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Evidence-Based Complementary and Alternative Medicine
Volume 2018, Article ID 8580152, 6 pages
Research Article

Anti-Inflammatory Effect of Gamisoyo-San in an Animal Model of Amyotrophic Lateral Sclerosis

Department of Clinical Research, Korea Institute of Oriental Medicine, 1672 Yuseong-daero, Yuseong-gu, Daejeon 305-811, Republic of Korea

Correspondence should be addressed to Eun Jin Yang; moc.liamg@3284jey

Received 19 March 2018; Revised 11 May 2018; Accepted 24 May 2018; Published 21 June 2018

Academic Editor: Rosaria Acquaviva

Copyright © 2018 Sunjung Park and Eun Jin Yang. This is an open access article distributed under the Creative Commons Attribution License, which permits unrestricted use, distribution, and reproduction in any medium, provided the original work is properly cited.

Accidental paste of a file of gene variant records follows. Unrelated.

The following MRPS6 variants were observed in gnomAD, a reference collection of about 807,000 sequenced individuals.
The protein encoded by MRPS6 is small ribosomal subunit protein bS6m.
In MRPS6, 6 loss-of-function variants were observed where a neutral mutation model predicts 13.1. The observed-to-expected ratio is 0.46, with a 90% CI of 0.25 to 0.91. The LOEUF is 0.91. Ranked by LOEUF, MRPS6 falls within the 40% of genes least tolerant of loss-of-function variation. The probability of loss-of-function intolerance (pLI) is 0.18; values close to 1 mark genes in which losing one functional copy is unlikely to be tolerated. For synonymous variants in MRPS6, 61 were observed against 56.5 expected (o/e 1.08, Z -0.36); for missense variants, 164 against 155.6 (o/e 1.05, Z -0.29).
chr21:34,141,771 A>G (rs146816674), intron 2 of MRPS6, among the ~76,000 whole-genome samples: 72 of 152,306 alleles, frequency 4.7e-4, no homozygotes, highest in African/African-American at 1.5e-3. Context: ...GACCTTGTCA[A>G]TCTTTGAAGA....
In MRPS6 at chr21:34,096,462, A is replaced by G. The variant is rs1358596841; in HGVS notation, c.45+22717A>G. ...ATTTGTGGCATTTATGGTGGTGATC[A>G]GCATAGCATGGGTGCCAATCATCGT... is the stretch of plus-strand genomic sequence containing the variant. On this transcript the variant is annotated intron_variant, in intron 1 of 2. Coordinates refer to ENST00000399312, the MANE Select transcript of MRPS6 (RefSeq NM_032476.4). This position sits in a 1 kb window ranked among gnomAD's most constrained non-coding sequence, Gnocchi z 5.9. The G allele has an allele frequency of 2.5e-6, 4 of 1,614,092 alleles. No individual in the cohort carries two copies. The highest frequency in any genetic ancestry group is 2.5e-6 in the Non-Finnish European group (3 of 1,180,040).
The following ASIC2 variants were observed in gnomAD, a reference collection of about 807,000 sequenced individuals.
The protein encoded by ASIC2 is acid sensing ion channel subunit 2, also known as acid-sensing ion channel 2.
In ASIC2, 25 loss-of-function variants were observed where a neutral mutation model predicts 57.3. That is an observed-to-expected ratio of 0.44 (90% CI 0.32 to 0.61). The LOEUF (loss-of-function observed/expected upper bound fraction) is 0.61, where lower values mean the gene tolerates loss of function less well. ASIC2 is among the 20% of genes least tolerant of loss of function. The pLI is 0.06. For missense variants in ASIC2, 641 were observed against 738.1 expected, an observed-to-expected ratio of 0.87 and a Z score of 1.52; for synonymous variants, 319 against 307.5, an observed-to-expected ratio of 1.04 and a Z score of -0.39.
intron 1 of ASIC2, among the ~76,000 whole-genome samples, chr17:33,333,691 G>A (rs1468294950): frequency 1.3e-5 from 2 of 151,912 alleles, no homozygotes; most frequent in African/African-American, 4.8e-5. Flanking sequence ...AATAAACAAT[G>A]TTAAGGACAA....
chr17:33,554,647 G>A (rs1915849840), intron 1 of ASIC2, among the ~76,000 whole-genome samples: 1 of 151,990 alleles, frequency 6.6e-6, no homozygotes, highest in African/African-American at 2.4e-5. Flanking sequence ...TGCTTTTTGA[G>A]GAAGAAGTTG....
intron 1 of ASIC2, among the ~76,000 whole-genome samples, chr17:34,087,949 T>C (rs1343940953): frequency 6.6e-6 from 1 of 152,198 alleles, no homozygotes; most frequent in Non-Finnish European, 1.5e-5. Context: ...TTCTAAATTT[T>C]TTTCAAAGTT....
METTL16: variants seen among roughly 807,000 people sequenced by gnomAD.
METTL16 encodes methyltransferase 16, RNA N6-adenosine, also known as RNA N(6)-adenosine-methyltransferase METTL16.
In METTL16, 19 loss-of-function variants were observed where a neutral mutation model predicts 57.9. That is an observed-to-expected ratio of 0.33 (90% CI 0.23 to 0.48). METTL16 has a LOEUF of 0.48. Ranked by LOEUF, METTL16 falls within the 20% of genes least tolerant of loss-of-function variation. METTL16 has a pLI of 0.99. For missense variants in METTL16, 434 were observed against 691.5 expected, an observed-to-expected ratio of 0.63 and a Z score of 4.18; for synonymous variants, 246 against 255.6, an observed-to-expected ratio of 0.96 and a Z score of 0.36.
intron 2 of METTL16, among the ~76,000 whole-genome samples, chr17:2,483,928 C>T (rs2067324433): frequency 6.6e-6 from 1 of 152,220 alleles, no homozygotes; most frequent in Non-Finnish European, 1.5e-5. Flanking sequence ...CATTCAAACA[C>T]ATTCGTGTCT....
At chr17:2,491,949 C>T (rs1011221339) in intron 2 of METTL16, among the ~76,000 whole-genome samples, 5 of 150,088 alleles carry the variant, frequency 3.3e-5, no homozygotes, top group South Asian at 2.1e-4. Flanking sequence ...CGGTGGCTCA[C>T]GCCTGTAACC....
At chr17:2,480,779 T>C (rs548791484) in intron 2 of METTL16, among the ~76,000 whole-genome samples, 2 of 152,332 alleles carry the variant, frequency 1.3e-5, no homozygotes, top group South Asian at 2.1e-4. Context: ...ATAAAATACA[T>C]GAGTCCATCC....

Inflammation is considered a critical factor in the pathogenesis of amyotrophic lateral sclerosis (ALS). We aimed to evaluate the effect of the herbal formula Gamisoyo-San (GSS) on the muscles of transgenic mice, a mouse model of ALS, by examining the tissue expression of inflammation- and oxidative stress-related proteins. The mice were randomly divided into three groups: nontransgenic mice (non-Tg, n = 4), transgenic mice (Tg, n = 4), and GSS-treated transgenic mice (Tg+GSS, n = 4). Eight-week-old female transgenic mice were fed GSS (1 mg/g body weight) for 6 weeks. Gastrocnemius (GA) tissues were analyzed for inflammatory proteins [CD11b and toll-like receptor 4 (TLR4)] and oxidative stress-related proteins [heme oxygenase 1 (HO1) and ferritin] by western blot analysis. Administration of GSS significantly reduced the level of inflammation- and oxidative stress-related proteins in transgenic mice. GSS ameliorated inflammation by downregulating TLR4 and CD11b expression and regulated iron homeostasis in the GA muscle of mice. GSS could help reduce inflammation by regulating immune reactions in patients with ALS. To the best of our knowledge, this is the first study to demonstrate the effect of GSS on muscle inflammation in an ALS animal model.